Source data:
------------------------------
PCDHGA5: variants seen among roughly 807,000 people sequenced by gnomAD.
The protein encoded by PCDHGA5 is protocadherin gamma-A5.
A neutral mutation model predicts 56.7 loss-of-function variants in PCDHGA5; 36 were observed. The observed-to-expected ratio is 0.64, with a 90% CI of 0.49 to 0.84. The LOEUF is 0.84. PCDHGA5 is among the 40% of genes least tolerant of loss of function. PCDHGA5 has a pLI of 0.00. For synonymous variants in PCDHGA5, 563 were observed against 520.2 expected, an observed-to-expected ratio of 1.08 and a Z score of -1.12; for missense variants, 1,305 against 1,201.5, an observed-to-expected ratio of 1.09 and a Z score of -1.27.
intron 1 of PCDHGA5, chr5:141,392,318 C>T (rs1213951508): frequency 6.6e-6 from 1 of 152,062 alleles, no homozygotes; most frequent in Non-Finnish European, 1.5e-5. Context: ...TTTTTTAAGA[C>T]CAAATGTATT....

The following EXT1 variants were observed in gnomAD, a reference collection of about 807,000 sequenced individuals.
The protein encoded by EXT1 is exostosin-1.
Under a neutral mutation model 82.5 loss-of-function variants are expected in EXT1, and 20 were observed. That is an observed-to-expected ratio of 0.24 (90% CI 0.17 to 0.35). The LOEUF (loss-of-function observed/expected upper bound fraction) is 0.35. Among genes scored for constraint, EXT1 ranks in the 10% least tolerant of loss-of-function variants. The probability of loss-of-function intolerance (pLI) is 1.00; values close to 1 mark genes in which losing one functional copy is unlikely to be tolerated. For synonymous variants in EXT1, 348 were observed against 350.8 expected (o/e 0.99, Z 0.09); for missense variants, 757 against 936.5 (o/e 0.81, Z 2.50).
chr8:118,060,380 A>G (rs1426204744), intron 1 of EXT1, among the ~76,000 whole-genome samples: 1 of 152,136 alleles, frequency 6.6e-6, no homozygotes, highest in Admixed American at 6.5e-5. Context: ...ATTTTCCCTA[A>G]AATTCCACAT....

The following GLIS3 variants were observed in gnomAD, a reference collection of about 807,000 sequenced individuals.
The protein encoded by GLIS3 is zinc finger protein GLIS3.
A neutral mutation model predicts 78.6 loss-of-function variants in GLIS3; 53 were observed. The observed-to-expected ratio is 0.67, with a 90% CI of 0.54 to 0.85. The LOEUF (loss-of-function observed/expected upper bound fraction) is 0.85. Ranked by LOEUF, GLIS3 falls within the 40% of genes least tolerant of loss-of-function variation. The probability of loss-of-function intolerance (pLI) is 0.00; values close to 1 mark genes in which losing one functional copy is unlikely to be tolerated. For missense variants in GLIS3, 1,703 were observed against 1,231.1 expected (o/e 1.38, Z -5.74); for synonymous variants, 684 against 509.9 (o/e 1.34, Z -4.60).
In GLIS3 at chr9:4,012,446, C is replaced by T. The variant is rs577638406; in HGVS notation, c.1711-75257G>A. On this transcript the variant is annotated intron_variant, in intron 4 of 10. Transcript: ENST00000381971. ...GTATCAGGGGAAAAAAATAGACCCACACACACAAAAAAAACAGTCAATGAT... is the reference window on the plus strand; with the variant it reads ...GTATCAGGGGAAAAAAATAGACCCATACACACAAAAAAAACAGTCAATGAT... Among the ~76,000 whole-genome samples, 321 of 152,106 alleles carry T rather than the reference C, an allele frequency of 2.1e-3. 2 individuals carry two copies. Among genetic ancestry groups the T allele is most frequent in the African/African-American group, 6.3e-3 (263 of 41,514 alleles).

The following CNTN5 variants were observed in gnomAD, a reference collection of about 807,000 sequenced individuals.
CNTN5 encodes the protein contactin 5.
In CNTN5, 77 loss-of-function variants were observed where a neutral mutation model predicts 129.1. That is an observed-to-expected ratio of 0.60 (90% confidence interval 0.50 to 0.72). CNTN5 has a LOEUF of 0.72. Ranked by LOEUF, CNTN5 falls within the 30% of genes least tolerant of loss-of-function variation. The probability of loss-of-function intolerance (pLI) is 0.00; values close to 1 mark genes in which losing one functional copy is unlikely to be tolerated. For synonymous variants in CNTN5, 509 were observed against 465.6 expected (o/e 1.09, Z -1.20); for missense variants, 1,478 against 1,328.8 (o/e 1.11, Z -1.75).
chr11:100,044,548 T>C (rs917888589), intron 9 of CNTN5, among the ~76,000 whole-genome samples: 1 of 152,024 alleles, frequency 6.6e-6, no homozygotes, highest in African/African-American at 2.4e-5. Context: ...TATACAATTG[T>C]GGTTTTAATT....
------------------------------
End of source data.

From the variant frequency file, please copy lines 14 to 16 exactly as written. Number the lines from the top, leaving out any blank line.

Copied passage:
CNTN5 encodes the protein contactin 5.
In CNTN5, 77 loss-of-function variants were observed where a neutral mutation model predicts 129.1. That is an observed-to-expected ratio of 0.60 (90% confidence interval 0.50 to 0.72). CNTN5 has a LOEUF of 0.72. Ranked by LOEUF, CNTN5 falls within the 30% of genes least tolerant of loss-of-function variation. The probability of loss-of-function intolerance (pLI) is 0.00; values close to 1 mark genes in which losing one functional copy is unlikely to be tolerated. For synonymous variants in CNTN5, 509 were observed against 465.6 expected (o/e 1.09, Z -1.20); for missense variants, 1,478 against 1,328.8 (o/e 1.11, Z -1.75).
chr11:100,044,548 T>C (rs917888589), intron 9 of CNTN5, among the ~76,000 whole-genome samples: 1 of 152,024 alleles, frequency 6.6e-6, no homozygotes, highest in African/African-American at 2.4e-5. Context: ...TATACAATTG[T>C]GGTTTTAATT....